One general concern I have is that in our teaching of computing in school (if we touch on AI at all), we may only focus on the fifth of the ‘big AI ideas’: the implications of AI for society. Being able to understand the ethical, economic, and societal implications of AI as this technology advances is indeed crucial. However, the principles and skills underpinning AI are also important, and how we introduce these at an age-appropriate level remains a significant question.

Illustration of AI, Image by Seanbatty from Pixabay

There are some great resources for developing a general understanding of AI principles, including unplugged activities from Computer Science For Fun. Yet there’s a large gap between understanding what AI is and has the potential to do, and actually developing the highly mathematical skills to program models. It’s not an easy issue to solve, but Juan’s tool goes a little way towards this. At the Raspberry Pi Foundation, we’re also developing resources to bridge this educational gap, including new online projects building on our existing machine learning projects, and an online course. Watch this space!

AI in the school curriculum and workforce

All in all, we seem to be a long way off introducing AI into the school curriculum. Looking around the world, in the USA, Hong Kong, and Australia there have been moves to introduce AI into K-12 education through pilot initiatives, and hopefully more will follow. In England, with a computing curriculum that was written in 2013, there is no requirement to teach any AI or machine learning, or even to focus much on data.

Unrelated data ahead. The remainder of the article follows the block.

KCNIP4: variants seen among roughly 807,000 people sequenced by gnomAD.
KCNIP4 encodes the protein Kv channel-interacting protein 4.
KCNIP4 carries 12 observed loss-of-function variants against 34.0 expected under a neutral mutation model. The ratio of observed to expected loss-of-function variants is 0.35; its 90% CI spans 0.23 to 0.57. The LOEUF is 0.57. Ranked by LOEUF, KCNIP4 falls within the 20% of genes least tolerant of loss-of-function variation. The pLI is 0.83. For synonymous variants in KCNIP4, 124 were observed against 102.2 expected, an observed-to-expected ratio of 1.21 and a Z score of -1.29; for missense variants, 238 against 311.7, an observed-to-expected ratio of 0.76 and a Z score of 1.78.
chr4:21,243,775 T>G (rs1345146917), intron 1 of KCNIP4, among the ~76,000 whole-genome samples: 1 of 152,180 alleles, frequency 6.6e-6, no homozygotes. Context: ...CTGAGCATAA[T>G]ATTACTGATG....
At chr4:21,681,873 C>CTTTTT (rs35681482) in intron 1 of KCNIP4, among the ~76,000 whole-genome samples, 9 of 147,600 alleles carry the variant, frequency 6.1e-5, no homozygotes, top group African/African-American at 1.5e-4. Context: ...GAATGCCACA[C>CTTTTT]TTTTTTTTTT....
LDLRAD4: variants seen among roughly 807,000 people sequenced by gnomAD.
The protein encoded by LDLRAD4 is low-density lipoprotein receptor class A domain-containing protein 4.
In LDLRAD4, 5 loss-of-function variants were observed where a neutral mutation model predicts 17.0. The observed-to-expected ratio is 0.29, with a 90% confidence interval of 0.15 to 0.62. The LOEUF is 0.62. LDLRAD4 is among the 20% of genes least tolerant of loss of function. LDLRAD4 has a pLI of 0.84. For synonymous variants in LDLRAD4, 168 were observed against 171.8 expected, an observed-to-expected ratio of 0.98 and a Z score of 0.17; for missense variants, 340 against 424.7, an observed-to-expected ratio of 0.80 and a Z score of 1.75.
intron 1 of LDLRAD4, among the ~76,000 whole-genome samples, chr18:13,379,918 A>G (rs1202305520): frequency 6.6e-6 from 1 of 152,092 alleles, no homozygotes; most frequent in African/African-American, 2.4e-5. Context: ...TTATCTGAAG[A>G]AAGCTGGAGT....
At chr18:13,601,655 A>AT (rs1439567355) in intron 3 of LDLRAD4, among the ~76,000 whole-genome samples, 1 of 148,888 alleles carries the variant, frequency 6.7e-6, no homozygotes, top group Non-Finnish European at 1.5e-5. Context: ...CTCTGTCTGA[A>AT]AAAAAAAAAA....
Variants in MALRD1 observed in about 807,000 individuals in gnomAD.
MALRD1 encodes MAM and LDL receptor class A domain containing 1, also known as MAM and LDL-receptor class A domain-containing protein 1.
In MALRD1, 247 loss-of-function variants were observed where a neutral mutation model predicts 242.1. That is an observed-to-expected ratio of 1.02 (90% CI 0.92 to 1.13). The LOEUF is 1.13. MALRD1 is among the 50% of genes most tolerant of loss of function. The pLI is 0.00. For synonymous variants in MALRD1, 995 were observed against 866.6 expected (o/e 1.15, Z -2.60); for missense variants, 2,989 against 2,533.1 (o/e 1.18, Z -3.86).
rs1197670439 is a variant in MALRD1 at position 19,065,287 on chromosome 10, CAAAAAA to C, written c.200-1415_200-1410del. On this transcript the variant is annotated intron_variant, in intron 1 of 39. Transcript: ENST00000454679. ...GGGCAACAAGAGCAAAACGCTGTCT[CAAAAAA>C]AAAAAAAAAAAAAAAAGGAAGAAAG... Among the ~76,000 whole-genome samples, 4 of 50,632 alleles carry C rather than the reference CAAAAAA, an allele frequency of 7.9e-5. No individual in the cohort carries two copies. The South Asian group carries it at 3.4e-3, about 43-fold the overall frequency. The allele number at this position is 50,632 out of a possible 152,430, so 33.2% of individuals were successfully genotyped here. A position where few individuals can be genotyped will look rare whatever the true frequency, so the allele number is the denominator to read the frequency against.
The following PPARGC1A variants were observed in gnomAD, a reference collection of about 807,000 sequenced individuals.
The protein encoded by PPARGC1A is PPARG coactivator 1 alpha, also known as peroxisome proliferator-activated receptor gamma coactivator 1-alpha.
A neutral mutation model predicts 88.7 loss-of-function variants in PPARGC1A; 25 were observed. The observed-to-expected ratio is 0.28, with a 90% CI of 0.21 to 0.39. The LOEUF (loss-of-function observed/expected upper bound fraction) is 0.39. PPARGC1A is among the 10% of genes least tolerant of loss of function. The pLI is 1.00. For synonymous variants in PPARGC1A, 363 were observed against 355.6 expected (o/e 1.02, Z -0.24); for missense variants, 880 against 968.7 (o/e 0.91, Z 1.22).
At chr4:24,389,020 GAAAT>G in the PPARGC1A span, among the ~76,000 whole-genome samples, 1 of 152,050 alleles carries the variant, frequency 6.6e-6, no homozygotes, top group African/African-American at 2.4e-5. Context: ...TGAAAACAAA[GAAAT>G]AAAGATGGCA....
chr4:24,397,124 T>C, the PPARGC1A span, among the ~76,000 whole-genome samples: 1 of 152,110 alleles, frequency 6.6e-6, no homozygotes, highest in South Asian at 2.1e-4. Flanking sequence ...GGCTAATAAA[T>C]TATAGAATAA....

Let’s hope England doesn’t get left too far behind, as there is a massive AI skills shortage, with millions of workers needing to be retrained in the next few years. Moreover, a recent House of Lords report outlines that introducing all young people to this area of computing also has the potential to improve diversity in the workforce — something we should all be striving towards.

We look forward to hearing more from Juan and his colleagues as this important work continues.

Next up in our seminar series

If you missed the seminar, you can find Juan’s presentation slides and a recording of his talk on our seminars page.

In our next seminar on Tuesday 2 June at 17:00–18:00 BST / 12:00–13:00 EDT / 9:00–10:00 PDT / 18:00–19:00 CEST, we’ll welcome Dame Celia Hoyles, Professor of Mathematics Education at University College London. Celia will be sharing insights from her research into programming and mathematics. To join the seminar, simply sign up with your name and email address and we’ll email the link and instructions. If you attended Juan’s seminar, the link remains the same.

The post Learning AI at school — a peek into the black box appeared first on Raspberry Pi.

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#FreePCB via Twitter to 2 random RTs

Every Tuesday we give away two coupons for the free PCB drawer via Twitter. This post was announced on Twitter, and in 24 hours we’ll send coupon codes to two random retweeters. Don’t forget there’s free PCBs three times a every week: